And if people really do want to be taken seriously, and indeed if Britain is to make the best of Brexit, then we need to be having a realistic conversation about the world as we find it rather than the one that existed twenty five years ago when John Redwood last read a book.

Brexit to my mind has always been about taking a different path to the EU and navigating the global trade system in a new way. The classic arguments about sovereignty and democracy don't quite fit the mould anymore. This prompts a new debate about globalisation and whether we are in a post-democratic age where technocracy has a place and cannot be easily dispensed with.

It sounds superficially appealing to depart from technocracy but the consequences of doing so, when you give it any serious consideration, are less appealing. Those who argue for it do not seem to have thought it through. To my mind they sound like survivalists who want to live out their lives in a faraday cage and a tin foil hat.

But then of course we now we need democracy as a periodic corrective. So Brexit does present some interesting opportunities and a chance to redesign participation but that debate must include a debate about the limitations of it and a recognition that the people, generally speaking, do not want as much control as they say they do. Their actions do not match their words. That begs the question of whether we accept this dynamic or arrange our affairs so as to encourage greater participation. How much democracy is too much democracy and where do we draw the line against globalisation if we must draw one at all?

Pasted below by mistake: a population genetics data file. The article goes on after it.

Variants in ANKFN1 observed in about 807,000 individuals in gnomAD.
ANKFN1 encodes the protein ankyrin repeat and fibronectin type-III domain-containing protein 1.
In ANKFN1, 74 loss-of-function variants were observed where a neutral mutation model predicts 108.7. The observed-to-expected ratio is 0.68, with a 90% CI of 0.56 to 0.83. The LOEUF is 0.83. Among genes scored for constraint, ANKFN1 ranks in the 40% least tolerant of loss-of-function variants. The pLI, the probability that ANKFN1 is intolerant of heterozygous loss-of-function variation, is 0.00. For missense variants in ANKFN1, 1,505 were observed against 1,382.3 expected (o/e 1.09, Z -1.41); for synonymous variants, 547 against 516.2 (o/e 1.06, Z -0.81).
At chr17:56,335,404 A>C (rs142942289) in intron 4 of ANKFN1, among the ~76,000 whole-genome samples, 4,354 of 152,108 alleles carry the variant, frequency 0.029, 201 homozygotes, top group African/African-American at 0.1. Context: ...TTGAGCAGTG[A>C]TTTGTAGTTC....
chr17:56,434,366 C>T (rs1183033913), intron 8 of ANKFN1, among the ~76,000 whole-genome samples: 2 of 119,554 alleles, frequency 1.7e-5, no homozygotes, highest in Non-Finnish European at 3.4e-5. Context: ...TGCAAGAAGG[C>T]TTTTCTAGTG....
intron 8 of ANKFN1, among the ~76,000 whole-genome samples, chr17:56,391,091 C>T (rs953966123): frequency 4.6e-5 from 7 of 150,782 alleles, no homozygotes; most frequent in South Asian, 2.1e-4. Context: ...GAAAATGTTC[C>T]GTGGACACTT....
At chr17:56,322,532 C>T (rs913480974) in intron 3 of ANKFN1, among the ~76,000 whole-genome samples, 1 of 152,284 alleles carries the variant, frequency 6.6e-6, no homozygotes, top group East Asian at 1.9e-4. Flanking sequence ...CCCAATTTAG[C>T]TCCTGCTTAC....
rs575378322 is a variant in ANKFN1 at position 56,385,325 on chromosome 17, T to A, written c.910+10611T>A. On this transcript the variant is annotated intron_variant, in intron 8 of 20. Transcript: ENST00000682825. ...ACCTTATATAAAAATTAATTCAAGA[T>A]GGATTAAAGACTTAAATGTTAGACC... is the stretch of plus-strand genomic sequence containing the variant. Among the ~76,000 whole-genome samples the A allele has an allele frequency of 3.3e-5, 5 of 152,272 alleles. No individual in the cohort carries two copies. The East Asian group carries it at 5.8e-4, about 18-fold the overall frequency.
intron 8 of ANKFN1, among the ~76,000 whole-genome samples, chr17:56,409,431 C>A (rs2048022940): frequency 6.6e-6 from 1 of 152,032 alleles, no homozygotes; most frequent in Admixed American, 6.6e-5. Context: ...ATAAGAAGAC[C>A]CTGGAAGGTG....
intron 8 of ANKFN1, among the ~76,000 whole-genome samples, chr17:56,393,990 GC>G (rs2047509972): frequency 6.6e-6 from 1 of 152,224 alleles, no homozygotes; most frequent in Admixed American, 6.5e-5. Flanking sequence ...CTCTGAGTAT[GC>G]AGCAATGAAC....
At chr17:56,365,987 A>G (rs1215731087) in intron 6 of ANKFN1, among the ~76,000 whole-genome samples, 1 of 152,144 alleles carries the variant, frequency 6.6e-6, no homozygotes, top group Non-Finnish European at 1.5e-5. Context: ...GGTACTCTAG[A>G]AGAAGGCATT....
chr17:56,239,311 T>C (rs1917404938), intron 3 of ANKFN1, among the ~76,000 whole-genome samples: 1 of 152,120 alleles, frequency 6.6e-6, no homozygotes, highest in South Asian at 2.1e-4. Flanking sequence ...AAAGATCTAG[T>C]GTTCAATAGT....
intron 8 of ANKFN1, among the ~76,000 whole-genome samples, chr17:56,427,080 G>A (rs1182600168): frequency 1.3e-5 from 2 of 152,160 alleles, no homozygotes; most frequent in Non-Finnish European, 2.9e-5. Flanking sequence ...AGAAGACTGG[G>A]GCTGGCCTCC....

Brexit is not a transition from the complex to the simple. It is simply a reconfiguration of a complex machine that will stay complex. It is now complex to a degree where no single individual can possibly comprehend it where some of it works better for the absence of democracy.

Systems that run themselves often have no need of politics and do not benefit from the application of collective ignorance. This might offend the purist democrats but many of these systems enhance our wealth and our liberty And we need to start asking if part of the function of democracy is to defend those things against the extremes of political ideology. In some respects technocracy has abolished socialism and mutes the externalities of capitalism. It would appear we are creating a self-governing machine for the running of the planet that makes our short stay here materially wealthier. Is that really something we should take a wrecking ball to?

But then there's the rub. Humanity thrives on reinvention and renewal. We are not designed to cope without conflict and struggle because conflict and struggle is what defines us and gives our spiritual lives meaning. Like in the film The Matrix, the first Matrix failed because humans were too happy. Perhaps we are a species ill equipped to adapt to a utopia where we want for nothing. Perhaps we should write it all off as a bad idea? I would like us to be sure before we do though.